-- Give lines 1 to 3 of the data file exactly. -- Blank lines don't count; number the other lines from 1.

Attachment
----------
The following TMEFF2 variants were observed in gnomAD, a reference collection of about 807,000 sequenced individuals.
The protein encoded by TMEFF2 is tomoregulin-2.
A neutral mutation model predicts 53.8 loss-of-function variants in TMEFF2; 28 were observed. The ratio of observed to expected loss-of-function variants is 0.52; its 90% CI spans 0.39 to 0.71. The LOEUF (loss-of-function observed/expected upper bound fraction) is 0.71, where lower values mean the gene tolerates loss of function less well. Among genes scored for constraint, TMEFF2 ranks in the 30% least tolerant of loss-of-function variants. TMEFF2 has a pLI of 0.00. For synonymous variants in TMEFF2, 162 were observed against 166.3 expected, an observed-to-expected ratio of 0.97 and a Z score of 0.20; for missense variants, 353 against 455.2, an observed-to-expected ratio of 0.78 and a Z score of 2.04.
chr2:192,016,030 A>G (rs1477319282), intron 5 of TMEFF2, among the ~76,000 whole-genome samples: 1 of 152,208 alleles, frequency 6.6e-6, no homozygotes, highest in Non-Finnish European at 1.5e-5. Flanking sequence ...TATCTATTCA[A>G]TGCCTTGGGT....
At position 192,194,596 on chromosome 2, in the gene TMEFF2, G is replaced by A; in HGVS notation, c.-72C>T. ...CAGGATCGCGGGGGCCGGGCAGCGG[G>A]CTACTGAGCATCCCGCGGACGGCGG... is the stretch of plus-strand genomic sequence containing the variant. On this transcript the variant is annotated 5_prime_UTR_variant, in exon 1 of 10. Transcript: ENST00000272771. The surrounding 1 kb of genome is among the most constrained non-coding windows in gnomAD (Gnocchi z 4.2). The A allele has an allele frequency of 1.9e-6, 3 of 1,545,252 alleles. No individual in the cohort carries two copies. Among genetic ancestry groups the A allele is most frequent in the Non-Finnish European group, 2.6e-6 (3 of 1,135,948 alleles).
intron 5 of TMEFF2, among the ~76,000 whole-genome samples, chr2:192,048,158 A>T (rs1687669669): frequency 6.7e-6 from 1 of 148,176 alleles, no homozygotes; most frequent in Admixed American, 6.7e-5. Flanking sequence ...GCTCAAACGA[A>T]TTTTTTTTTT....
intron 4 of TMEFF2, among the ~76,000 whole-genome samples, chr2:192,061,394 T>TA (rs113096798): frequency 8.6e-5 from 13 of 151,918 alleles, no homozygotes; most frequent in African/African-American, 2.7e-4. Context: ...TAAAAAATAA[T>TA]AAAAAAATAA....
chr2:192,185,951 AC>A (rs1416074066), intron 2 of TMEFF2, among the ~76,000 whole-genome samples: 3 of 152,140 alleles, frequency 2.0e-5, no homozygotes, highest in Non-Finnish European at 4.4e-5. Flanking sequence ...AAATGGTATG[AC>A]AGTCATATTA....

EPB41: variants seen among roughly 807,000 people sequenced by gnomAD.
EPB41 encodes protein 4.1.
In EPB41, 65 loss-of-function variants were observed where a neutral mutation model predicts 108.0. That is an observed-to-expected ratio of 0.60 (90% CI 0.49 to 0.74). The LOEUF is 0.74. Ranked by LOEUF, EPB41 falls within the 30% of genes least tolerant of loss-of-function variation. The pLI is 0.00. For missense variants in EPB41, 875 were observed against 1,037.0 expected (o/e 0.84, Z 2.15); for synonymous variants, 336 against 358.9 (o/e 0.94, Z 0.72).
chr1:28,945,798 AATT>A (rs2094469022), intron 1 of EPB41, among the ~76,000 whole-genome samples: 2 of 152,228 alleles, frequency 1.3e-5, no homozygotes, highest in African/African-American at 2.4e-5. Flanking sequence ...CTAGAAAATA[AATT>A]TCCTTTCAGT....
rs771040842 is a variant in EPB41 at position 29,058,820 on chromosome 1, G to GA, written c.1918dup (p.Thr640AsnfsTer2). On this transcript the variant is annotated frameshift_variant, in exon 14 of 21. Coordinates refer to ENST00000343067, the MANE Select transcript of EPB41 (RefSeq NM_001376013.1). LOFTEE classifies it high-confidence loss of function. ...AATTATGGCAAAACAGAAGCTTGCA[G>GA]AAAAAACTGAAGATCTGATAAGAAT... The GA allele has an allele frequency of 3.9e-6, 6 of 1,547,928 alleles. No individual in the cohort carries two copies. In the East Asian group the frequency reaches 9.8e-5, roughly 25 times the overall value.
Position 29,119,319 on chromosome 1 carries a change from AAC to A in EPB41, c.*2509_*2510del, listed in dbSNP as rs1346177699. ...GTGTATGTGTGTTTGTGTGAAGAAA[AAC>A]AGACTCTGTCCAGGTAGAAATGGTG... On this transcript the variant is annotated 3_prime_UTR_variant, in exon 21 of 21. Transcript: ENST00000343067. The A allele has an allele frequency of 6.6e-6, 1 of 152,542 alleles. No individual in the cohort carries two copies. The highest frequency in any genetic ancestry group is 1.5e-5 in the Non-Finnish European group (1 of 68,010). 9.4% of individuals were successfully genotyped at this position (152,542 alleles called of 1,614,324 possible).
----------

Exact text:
The following TMEFF2 variants were observed in gnomAD, a reference collection of about 807,000 sequenced individuals.
The protein encoded by TMEFF2 is tomoregulin-2.
A neutral mutation model predicts 53.8 loss-of-function variants in TMEFF2; 28 were observed. The ratio of observed to expected loss-of-function variants is 0.52; its 90% CI spans 0.39 to 0.71. The LOEUF (loss-of-function observed/expected upper bound fraction) is 0.71, where lower values mean the gene tolerates loss of function less well. Among genes scored for constraint, TMEFF2 ranks in the 30% least tolerant of loss-of-function variants. TMEFF2 has a pLI of 0.00. For synonymous variants in TMEFF2, 162 were observed against 166.3 expected, an observed-to-expected ratio of 0.97 and a Z score of 0.20; for missense variants, 353 against 455.2, an observed-to-expected ratio of 0.78 and a Z score of 2.04.